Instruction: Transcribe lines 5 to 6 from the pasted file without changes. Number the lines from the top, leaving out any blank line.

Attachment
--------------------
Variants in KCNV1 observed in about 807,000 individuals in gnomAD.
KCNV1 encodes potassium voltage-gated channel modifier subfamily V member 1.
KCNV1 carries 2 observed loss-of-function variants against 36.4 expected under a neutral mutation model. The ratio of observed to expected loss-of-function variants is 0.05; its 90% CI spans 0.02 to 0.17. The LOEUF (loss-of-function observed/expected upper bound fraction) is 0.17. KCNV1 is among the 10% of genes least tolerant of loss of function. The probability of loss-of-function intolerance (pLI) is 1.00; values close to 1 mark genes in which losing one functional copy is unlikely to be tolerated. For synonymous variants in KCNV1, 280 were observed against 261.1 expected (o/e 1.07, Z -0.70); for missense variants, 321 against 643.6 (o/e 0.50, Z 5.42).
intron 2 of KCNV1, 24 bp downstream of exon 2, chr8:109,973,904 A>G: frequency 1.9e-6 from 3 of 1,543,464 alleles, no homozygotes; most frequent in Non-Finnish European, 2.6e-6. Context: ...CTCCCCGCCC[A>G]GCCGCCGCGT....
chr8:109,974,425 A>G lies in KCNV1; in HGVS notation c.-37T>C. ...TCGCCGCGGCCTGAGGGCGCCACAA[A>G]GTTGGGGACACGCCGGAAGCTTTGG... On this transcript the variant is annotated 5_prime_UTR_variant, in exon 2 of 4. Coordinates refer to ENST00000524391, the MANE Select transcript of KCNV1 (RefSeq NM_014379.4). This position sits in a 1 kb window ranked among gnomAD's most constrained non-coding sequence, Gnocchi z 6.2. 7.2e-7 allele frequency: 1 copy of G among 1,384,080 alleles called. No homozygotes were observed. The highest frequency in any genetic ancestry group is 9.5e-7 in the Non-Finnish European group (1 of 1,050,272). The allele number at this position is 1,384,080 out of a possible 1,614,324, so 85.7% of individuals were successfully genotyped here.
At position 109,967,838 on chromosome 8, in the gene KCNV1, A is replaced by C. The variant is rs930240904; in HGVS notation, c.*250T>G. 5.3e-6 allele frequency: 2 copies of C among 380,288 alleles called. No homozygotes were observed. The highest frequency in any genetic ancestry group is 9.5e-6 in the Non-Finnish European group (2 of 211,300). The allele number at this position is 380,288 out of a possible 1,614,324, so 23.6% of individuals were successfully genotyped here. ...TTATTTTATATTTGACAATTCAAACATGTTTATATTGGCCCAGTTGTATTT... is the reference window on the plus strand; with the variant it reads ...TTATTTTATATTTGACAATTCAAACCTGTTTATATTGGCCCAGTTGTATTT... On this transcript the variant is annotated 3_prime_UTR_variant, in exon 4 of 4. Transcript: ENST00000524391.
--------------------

chr8:109,974,425 A>G lies in KCNV1; in HGVS notation c.-37T>C. ...TCGCCGCGGCCTGAGGGCGCCACAA[A>G]GTTGGGGACACGCCGGAAGCTTTGG... On this transcript the variant is annotated 5_prime_UTR_variant, in exon 2 of 4. Coordinates refer to ENST00000524391, the MANE Select transcript of KCNV1 (RefSeq NM_014379.4). This position sits in a 1 kb window ranked among gnomAD's most constrained non-coding sequence, Gnocchi z 6.2. 7.2e-7 allele frequency: 1 copy of G among 1,384,080 alleles called. No homozygotes were observed. The highest frequency in any genetic ancestry group is 9.5e-7 in the Non-Finnish European group (1 of 1,050,272). The allele number at this position is 1,384,080 out of a possible 1,614,324, so 85.7% of individuals were successfully genotyped here.
At position 109,967,838 on chromosome 8, in the gene KCNV1, A is replaced by C. The variant is rs930240904; in HGVS notation, c.*250T>G. 5.3e-6 allele frequency: 2 copies of C among 380,288 alleles called. No homozygotes were observed. The highest frequency in any genetic ancestry group is 9.5e-6 in the Non-Finnish European group (2 of 211,300). The allele number at this position is 380,288 out of a possible 1,614,324, so 23.6% of individuals were successfully genotyped here. ...TTATTTTATATTTGACAATTCAAACATGTTTATATTGGCCCAGTTGTATTT... is the reference window on the plus strand; with the variant it reads ...TTATTTTATATTTGACAATTCAAACCTGTTTATATTGGCCCAGTTGTATTT... On this transcript the variant is annotated 3_prime_UTR_variant, in exon 4 of 4. Transcript: ENST00000524391.